Urker August 10th 1887
My dear Tom – In the first place I must congratulate you on the birth of your daughter  . May God bless her, and all your children and make them as great comforts to you, as you have been to your Parents. By the last account, Mother  and child  were doing well. I never feared for your family; you went to the East on a purely unselfish errand; and I knew that God would watch over the dear ones that you left behind.
Yours of June 24th reached me yesterday; you have had a roving time since you left England. May God bring you safely back. You did not mention if you have succeeded in putting things to rights; but I hope you have. You were always the luck of the Bank since you joined it.
There is no word at present of the sale of the Ball  estate, but it will be the end of it, sooner or later. The tenants have all joined the plan of Campaign  ; with the exception of a few loyalists, like your Father  ; and they will not pay a penny of rent; though they were offered a reduction of four shillings in the pound, and the forgiveness of all law costs. The devil has got into most of them, and those who would wish to be honest; dare not be so; except some old Ironsides like myself.. As you know this by former letters, the settlement I got was a settlement of the rent; and as tough enough job it was to get a fair settlement but I made my point good; and we have a clear receipt to Novr 1886 both from Mr Johnston  and Mr Allen’s  agents.
There is no time fixed yet for Peggy’s  marriage; but probably it will take place soon. I would much rather that she had remained as she was; and I hoped that you would have objected. However there is nothing to prevent them from doing well; and it is not such a ridiculous & disgraceful affair as Mary’s  was. We had young Mary  home for a week during her holidays. She has grown a fine big girl; and we will not forsake her for her Mother’s fault; but the Mother I never intend to speak to. She was both undutiful and ungrateful.
Andy  is busy getting some repairs made at Forstertown  . Though it is a fine place, it was a good deal out of repair; having been neglected for many years; especially the yard and office houses. He has Johnny Murtagh  and Sam Jeffers  up, working; as the tradesmen there charge very high.
We are in the throng of harvest, and our crops are good; which few people can say; owing to the dryness of summer.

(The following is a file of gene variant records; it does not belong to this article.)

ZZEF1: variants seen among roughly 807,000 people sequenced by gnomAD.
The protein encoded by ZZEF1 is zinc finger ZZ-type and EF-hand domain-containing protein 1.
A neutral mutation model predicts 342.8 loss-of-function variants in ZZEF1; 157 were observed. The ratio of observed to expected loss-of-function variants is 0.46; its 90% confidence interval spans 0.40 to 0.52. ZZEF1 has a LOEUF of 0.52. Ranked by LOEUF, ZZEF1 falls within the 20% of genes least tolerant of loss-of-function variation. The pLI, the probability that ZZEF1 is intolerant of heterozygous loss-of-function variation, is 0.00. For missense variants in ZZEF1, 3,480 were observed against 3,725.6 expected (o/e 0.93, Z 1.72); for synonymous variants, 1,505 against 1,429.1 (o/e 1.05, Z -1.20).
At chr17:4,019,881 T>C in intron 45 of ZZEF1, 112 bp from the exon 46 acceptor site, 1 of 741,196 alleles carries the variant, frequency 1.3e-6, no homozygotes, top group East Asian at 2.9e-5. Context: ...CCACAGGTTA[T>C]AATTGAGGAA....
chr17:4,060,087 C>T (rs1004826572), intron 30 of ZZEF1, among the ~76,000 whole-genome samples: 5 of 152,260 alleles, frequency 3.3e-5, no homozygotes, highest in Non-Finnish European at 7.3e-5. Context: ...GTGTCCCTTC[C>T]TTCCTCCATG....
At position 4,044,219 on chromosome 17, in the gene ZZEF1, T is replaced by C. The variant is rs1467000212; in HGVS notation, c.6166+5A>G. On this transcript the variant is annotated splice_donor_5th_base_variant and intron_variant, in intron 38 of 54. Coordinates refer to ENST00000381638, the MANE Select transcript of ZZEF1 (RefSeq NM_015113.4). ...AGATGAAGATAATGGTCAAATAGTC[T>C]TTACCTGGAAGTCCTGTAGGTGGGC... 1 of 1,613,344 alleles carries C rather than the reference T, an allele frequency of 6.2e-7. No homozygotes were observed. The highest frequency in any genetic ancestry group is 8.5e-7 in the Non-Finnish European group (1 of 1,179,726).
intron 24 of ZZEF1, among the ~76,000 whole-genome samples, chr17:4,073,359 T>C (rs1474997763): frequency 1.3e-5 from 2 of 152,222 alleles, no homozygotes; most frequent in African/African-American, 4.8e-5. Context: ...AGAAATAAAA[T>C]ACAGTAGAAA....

Kate  and her boys are with us at present; she is much better, but still has a cough, though not a harsh one. We are all much as usual; Sally  is complaining a little, but her condition accounts for that; as she is not far from her confinement. Both she and Bessy  are very ill pleased about Peggy’s marriage. Did you hear of the death of Dr Woods  ? It took place on the 26th ult. It will make a sad change to his family. Eleanor  has gone to live in Liverpool. Cousin Sam  was not able to pay the May rent this time; he has got to the 20th inst. to do it. Probably he will take advantage of this new land act, to break his lease and have the land revalued. We have not seen the last of the rascality of Uncle Bradford’s  trustees yet.
You know ere this that David  got an extension of his leave of absence. We took a sorrowful farewell of him, not expecting to see him again in this life; and he went to London expecting to sail on the 4th inst, but a day or two after, he telegraphed that he had got leave of absence till October. He has not come back yet; but probably soon will.
You speak of me writing or getting Lizzie  to write every week. One week is so like another in this place, that it would be of no use to do that; but we shall always inform you of every thing worth knowing; & ever hope that most of our future letters will be directed to you in England.
No more at present from your ever affectionate Mother,
 Dorothy St. Felix JACKSON (July 26-1887- 1964) Dorothy was born at Oakbank, Chiselhurst. Chiselhurst is part of the Greater London borough of Bromley, England. Her three younger brothers were also born here - so the family lived here for at least five years.
 Amelia Lydia DARE – wife of Sir Thomas JACKSON
 Dorothy St. Felix JACKSON b. July 26, 1887.
 BALL estate sale – NOTE: Thomas P. BALL held the lease on the land at Urcher aka Urker.
 I assume that this refers to the various land reforms going on at the time - I will add more detail anon.
 David JACKSON (1814-1889)
 Mr. JOHNSTON
 Mr. ALLEN
 “Peggy” Margaret (JACKSON) REID widow – sister of Sir Thomas JACKSON who married Andrew Bradford McCULLAGH on August 31, 1887.
 Mary (JACKSON) MENARY married Frederick Richard GRIFFIN in 1886 - a marriage that the family did not support.
 Mary MENARY (1872-1946)
 Andrew Coulter Bradford JACKSON - younger brother of Sir Thomas JACKSON
 Fostertown near Trim, Co. Louth.
 John MURTAGH? – interestingly, I stayed at the B&B of Aiden MURTAGH when in Crossmaglen in 2006.I do not know their connection to him.
 Samuel JEFFERS?
 Kate Maria Jane WHITING – widow of John JACKSON older brother of Sir Thomas JACKSON.
 “Sally” Sarah (JACKSON) GILMORE – sister of Sir Thomas JACKSON. Her son, Thomas Jackson GILMORE was born November 11,1887.
 Elizabeth (JACKSON) BROWN – sister of Sir Thomas JACKSON
 Dr. WOODS?
 Eleanor – presumably the widow of Dr. WOODS.
 Samuel BRADFORD of Cavananore.
 Presumably the brother of Eliza (OLIVER) JACKSON – Andrew Coulter BRADFORD who died unmarried. His will (See : http://www.user.dccnet.com/s.brown/documents/1847_will_AC_Bradford.htm ) makes sense of much of this dispute. I still need to sort it all out.
 David JACKSON, youngest surviving brother of Sir Thomas JACKSON
 “Lizzie” Elizabeth Sarah (BROWNE) JACKSON(1847-?), wife of “Jemmie” James JACKSON – younger brother of Sir Thomas JACKSON
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